Structuring/organizing your literature review • Try to follow a concept-by-concept approach in presenting the literature review, not a study- by-study approach. • This means putting the emphasis on the results of the study, not the author.

Literature search techniques • Keyword search – To find topically relevant information from digital libraries, databases, or the Internet – Good in most cases • Chaining – Tracking references and citations to find articles relevant to a topic – Good where the topic is very small • Browsing – To sift through collections of potentially relevant text – Good where there are many relevant books/articles, but only a few can be selected

SEARCH TECHNIQUES: Selecting keywords • Organize your topic into subject groups or sets • Analyze the keywords in each subject group or set to try to find as many relevant search terms as possible • Use a thesaurus which lists synonyms and related words, to help you think of broader and narrower terms (and alternative spellings). • Some computer databases have an on-line subject thesaurus which you can use to find additional terms during your search

SEARCH TECHNIQUES: Boolean operators • “AND”- or can abbreviate as “& ”- retrieves records with all the separated words • “OR”- is a more broader option- either word • “NOT”- records retrieved do not contain the word that follow it • ()- parenthesis – when combining the Boolean searches – Shows the order of operation- as the ones inside the brackets will be done first – Left to Right (if not specified) • (Aflatoxicosis OR Aflatoxin) AND impact AND Kenya

Selecting keywords: an example • Set 1: mature students OR adult education OR adult learning OR continuing education OR non-traditional students OR lifelong learning AND • Set 2: academic performance OR academic achievement OR academic ability OR learner outcomes AND • Set 3: higher education OR colleges OR universities OR post-secondary education

SEARCH TECHNIQUES: Wildcard symbols (*, ?) • Truncation- expands a word- Trypano* • Use of an alternative spelling • Trypano* AND Kenya • Could be trypanosomiasis or trypanotolerance

Literature review - tips • Ideally, the bulk of your reading should come early in the investigation • In practice a number of activities are generally in progress at the same time and reading may spill over into the data-collecting stage of your study • You need to take care that reading does not take up more time than can be allowed, but it is rarely possible to obtain copies of all books and articles at exactly the time you need them, so there is inevitably some overlap • Reading about your topic may give you ideas about approaches and methods which had not occurred to you • It may also give you ideas about how you might classify and present your own data • It may help you to devise a theoretical or analytical framework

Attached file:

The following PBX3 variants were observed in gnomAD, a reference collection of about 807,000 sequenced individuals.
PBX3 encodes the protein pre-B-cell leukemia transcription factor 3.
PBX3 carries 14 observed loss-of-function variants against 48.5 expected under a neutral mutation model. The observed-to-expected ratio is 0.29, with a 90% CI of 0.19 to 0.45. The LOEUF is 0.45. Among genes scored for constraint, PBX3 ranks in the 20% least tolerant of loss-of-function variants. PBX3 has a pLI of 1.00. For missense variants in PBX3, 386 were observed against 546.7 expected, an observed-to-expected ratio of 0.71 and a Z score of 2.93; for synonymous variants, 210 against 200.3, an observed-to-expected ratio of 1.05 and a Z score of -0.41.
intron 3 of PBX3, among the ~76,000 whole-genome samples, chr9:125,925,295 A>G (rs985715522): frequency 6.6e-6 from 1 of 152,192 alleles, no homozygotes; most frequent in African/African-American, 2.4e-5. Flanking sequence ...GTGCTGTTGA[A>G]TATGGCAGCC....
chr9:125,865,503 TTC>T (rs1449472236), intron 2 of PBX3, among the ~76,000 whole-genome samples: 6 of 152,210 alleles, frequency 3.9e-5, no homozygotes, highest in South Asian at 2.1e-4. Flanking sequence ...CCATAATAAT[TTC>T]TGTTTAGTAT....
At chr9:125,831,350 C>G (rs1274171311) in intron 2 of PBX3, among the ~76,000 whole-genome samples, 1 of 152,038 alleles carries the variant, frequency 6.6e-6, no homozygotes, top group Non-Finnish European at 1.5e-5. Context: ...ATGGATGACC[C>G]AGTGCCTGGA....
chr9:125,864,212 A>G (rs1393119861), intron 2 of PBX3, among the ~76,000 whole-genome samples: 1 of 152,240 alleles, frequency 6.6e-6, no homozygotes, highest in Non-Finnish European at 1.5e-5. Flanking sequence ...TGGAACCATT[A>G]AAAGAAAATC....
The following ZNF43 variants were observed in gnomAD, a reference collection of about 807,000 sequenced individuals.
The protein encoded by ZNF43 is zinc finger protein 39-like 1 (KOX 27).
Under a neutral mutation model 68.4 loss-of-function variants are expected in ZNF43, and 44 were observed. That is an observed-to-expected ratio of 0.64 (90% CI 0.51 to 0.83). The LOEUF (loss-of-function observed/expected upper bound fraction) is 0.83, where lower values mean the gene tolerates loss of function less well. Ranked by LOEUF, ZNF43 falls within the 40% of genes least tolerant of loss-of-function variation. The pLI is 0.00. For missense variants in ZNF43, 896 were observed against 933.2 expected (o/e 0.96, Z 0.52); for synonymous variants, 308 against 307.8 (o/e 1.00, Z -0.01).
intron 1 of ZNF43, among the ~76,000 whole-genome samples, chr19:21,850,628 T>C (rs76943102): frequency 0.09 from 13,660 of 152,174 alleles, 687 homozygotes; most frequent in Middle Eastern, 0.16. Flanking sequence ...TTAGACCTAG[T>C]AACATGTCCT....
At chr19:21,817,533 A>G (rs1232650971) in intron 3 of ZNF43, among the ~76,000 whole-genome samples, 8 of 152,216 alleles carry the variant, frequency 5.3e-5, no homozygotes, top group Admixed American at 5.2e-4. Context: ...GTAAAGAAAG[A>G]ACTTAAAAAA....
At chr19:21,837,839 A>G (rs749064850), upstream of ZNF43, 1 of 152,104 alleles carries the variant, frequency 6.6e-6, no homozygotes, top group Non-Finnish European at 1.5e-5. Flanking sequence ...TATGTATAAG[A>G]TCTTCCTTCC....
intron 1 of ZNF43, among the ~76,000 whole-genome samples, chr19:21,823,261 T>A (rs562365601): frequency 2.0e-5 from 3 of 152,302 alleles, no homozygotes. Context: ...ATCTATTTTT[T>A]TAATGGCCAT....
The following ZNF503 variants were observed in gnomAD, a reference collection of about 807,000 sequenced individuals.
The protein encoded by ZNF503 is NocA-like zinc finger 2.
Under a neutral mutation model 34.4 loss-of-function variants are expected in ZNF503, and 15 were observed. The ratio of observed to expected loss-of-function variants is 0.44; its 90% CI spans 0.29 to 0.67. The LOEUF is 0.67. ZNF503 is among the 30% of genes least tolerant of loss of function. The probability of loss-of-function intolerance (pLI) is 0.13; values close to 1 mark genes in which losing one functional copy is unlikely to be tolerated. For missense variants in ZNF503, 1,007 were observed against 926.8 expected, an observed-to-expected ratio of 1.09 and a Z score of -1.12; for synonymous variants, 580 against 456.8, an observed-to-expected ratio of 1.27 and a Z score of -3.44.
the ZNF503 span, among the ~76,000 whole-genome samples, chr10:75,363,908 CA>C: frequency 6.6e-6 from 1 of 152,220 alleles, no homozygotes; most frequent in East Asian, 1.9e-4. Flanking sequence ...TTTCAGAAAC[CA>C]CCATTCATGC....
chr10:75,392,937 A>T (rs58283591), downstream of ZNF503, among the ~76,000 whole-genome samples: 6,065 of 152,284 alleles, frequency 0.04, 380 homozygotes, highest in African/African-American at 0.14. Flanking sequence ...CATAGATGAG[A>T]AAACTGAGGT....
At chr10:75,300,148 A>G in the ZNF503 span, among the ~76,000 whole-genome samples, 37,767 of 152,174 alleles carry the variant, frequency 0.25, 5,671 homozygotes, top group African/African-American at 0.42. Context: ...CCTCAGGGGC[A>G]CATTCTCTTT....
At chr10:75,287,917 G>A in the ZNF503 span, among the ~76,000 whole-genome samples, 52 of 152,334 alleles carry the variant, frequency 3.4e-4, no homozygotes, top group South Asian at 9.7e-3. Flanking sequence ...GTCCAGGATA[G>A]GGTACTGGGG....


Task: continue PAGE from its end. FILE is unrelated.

Literature review • As you read, get into the habit of examining – How authors classify their findings – How they explore relationships between facts – How facts and relationships are explained • Methods used by other researchers may be unsuitable for your purposes • But they may give you ideas about how you might categorize your own data, and ways in which you may be able to draw on the work of other researchers to support or refute your own arguments and conclusions

Critical review of literature • Only relevant works are mentioned • Review is more than a list of ‘what I have read’ • Uses of references – Justify and support your arguments – Allow you to make comparisons with other research – Express matters better than you could have done – Demonstrate your familiarity with your field of research

Critical review of literature • Abuses of references – Impress your readers with the scope of your reading – Litter your writing with names and quotations – Replace the need for you to express your own thoughts – Misrepresent other authors

Monitor your progress • The following should occur as you progress – Increase in knowledge of the subject – Increase in general knowledge of the specialist topic – Increase in your specialist vocabulary – Increase in confidence that you can complete the task

Handling of the retrieved information • Organized system- folders, subfolders- • Shared systems- DropBOX • Referencing- EndNote • Mendeley • Remember to back up your work

Citations and references • As you write up your research, you will use a citation to indicate in your text the source of a piece of information • A bibliography is a list of works that you have read or consulted during the course of your research but have not necessarily cited • References give details of books, articles and any other types of material that you have cited in your text

Referencing • Referencing is a standardized method of acknowledging sources of information and ideas that you have used in your assignment in a way that uniquely identifies their source • Direct quotations, facts and figures, as well as ideas and theories, from both published and unpublished works must be referenced • There are many acceptable forms of referencing (e.g. Harvard referencing style) (manual on Harvard referencing)

Acknowledgment 1. ILRI Info-centre 2. Florence Mutua - ILRI 3. Tom Vandenbosch – RUFORUM (Regional Universities Forum for Capacity Building) 4. Bridget McDermott - Reading University

The presentation has a Creative Commons licence. You are free to re-use or distribute this work, provided credit is given to ILRI. better lives through livestock